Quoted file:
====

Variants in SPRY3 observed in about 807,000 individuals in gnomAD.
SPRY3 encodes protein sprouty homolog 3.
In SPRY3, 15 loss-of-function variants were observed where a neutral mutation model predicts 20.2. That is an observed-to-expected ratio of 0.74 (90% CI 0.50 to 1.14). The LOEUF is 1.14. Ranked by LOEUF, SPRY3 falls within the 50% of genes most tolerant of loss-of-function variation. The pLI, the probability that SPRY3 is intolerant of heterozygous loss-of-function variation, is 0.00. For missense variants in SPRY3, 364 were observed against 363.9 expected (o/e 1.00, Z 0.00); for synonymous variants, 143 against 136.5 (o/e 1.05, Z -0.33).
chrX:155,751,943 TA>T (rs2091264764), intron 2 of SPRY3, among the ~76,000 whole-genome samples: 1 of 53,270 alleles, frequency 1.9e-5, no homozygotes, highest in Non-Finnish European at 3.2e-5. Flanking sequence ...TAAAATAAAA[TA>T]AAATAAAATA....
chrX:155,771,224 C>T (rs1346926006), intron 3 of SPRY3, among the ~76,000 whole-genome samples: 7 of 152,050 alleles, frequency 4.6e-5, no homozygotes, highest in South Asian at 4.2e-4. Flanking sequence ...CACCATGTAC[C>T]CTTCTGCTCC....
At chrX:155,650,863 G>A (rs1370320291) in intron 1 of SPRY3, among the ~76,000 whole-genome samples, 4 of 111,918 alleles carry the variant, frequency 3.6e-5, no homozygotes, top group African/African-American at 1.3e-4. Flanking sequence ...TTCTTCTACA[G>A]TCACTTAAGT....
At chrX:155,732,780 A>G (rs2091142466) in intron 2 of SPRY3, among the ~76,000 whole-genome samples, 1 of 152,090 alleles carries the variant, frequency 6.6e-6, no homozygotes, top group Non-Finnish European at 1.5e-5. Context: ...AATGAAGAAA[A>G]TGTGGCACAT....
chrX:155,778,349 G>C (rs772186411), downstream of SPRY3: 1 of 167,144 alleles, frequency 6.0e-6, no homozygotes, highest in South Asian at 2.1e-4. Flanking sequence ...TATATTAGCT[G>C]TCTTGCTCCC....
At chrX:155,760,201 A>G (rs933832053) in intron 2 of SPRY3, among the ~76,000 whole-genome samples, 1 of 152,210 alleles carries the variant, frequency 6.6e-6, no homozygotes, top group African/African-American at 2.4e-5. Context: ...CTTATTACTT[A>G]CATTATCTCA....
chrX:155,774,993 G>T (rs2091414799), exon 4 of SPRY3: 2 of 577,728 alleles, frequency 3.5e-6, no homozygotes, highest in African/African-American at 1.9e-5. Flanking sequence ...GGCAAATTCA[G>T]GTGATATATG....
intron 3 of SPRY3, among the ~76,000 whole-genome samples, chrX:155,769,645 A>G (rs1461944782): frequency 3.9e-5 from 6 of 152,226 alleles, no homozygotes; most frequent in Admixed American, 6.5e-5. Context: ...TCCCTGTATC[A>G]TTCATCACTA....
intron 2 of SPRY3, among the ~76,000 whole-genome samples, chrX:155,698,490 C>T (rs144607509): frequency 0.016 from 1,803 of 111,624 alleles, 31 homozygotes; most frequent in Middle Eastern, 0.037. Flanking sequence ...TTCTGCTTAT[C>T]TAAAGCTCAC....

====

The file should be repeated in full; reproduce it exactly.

Variants in SPRY3 observed in about 807,000 individuals in gnomAD.
SPRY3 encodes protein sprouty homolog 3.
In SPRY3, 15 loss-of-function variants were observed where a neutral mutation model predicts 20.2. That is an observed-to-expected ratio of 0.74 (90% CI 0.50 to 1.14). The LOEUF is 1.14. Ranked by LOEUF, SPRY3 falls within the 50% of genes most tolerant of loss-of-function variation. The pLI, the probability that SPRY3 is intolerant of heterozygous loss-of-function variation, is 0.00. For missense variants in SPRY3, 364 were observed against 363.9 expected (o/e 1.00, Z 0.00); for synonymous variants, 143 against 136.5 (o/e 1.05, Z -0.33).
chrX:155,751,943 TA>T (rs2091264764), intron 2 of SPRY3, among the ~76,000 whole-genome samples: 1 of 53,270 alleles, frequency 1.9e-5, no homozygotes, highest in Non-Finnish European at 3.2e-5. Flanking sequence ...TAAAATAAAA[TA>T]AAATAAAATA....
chrX:155,771,224 C>T (rs1346926006), intron 3 of SPRY3, among the ~76,000 whole-genome samples: 7 of 152,050 alleles, frequency 4.6e-5, no homozygotes, highest in South Asian at 4.2e-4. Flanking sequence ...CACCATGTAC[C>T]CTTCTGCTCC....
At chrX:155,650,863 G>A (rs1370320291) in intron 1 of SPRY3, among the ~76,000 whole-genome samples, 4 of 111,918 alleles carry the variant, frequency 3.6e-5, no homozygotes, top group African/African-American at 1.3e-4. Flanking sequence ...TTCTTCTACA[G>A]TCACTTAAGT....
At chrX:155,732,780 A>G (rs2091142466) in intron 2 of SPRY3, among the ~76,000 whole-genome samples, 1 of 152,090 alleles carries the variant, frequency 6.6e-6, no homozygotes, top group Non-Finnish European at 1.5e-5. Context: ...AATGAAGAAA[A>G]TGTGGCACAT....
chrX:155,778,349 G>C (rs772186411), downstream of SPRY3: 1 of 167,144 alleles, frequency 6.0e-6, no homozygotes, highest in South Asian at 2.1e-4. Flanking sequence ...TATATTAGCT[G>C]TCTTGCTCCC....
At chrX:155,760,201 A>G (rs933832053) in intron 2 of SPRY3, among the ~76,000 whole-genome samples, 1 of 152,210 alleles carries the variant, frequency 6.6e-6, no homozygotes, top group African/African-American at 2.4e-5. Context: ...CTTATTACTT[A>G]CATTATCTCA....
chrX:155,774,993 G>T (rs2091414799), exon 4 of SPRY3: 2 of 577,728 alleles, frequency 3.5e-6, no homozygotes, highest in African/African-American at 1.9e-5. Flanking sequence ...GGCAAATTCA[G>T]GTGATATATG....
intron 3 of SPRY3, among the ~76,000 whole-genome samples, chrX:155,769,645 A>G (rs1461944782): frequency 3.9e-5 from 6 of 152,226 alleles, no homozygotes; most frequent in Admixed American, 6.5e-5. Context: ...TCCCTGTATC[A>G]TTCATCACTA....
intron 2 of SPRY3, among the ~76,000 whole-genome samples, chrX:155,698,490 C>T (rs144607509): frequency 0.016 from 1,803 of 111,624 alleles, 31 homozygotes; most frequent in Middle Eastern, 0.037. Flanking sequence ...TTCTGCTTAT[C>T]TAAAGCTCAC....